11 January 2009

Review: BRIGHT AIR, Barry Maitland

Allen & Unwin, 2008, 295 pages, ISBN 978-1-74114-817-6

Josh Ambler was working in London four years ago when his ex-lover Lucy Corcoran went missing on Lord Howe Island during a climbing accident. During his university days he had joined a climbing group that Luce was part of, along with Anna, Damien, Curtis and Owen. The glue that held the group together was biologist and lecturer Dr. Marcus Fenn, once a climber himself but injured in a particularly severe fall. Marcus had mentored the group in climbing, particularly on difficult and hazardous expeditions related to endangered flora and birds.

Just recently Curtis and Owen have died after a fall on Mt. Cook in the Southern Alps in New Zealand. Curtis died at the scene but Anna had been able to fly to New Zealand in time to be at Owen's death bed before he died. In his final words to Anna, Owen appeared to be confessing that he and Owen had killed Luce.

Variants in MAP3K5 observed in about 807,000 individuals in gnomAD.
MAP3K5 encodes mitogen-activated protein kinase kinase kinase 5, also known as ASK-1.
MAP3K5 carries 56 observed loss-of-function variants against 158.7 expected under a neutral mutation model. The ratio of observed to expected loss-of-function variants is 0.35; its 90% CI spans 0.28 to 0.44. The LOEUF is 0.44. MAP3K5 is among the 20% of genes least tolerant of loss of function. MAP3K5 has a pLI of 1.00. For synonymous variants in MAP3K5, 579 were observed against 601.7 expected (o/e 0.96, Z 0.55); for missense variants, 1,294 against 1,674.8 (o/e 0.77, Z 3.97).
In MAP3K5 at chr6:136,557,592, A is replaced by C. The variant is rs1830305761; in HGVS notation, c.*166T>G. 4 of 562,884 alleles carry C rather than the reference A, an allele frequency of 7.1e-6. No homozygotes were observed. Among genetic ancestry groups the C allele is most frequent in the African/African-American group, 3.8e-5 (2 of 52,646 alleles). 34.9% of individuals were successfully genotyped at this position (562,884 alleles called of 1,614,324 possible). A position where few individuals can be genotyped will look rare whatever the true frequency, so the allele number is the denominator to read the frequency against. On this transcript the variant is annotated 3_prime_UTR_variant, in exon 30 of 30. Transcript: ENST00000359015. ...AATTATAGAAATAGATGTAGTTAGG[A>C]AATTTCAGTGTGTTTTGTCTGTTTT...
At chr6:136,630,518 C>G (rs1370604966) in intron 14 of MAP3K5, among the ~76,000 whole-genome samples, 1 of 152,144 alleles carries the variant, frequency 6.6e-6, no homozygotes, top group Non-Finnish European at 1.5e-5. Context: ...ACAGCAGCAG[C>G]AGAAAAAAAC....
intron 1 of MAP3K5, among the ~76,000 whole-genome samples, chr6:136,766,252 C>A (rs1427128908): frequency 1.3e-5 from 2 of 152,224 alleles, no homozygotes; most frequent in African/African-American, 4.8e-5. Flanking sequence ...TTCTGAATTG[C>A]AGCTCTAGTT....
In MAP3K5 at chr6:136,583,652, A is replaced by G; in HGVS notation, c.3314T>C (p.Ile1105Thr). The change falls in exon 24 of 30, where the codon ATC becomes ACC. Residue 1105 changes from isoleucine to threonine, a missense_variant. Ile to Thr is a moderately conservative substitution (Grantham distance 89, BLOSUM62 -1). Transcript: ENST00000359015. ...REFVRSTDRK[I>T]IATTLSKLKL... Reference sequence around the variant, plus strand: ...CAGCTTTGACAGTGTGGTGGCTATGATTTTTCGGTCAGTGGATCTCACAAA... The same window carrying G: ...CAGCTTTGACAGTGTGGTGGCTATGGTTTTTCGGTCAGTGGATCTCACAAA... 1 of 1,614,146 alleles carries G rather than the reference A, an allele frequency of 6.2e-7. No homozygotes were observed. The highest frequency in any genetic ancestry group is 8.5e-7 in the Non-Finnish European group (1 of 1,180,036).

His lack of closure leads Josh, with Anna, to investigate the circumstances around Luce's disappearance and apparent death, flying to Lord Howe Island where local residents appear to be going out of their way to make them welcome.

BRIGHT AIR is Barry Maitland's first stand alone novel. Readers may be aware of his Brock and Kolla series in which he has published 9 titles between 1994 and 2007. If BRIGHT AIR is an indication of what we can expect in stand alones, then I hope we see many more. Not only was I really impressed with the depth of Maitland's knowledge about climbing and climbing techniques, I thought the characterisation was excellent. I'm not sure that I was totally convinced of the plausibility of the final resolution, but it didn't diminish my enjoyment of the plot.

My rating: 4.3

Read an extract online, or purchase an e-book at Allen &Unwin.
You can see a full listing of his novels on Barry Maitland's own site.
Barry Maitland moved to Australia from London in 1984, and now writes full time.

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1 comment:

Bernadette said...

I agree the ending was a bit fantastic...but for some reason it didn't bother me as it might have done.

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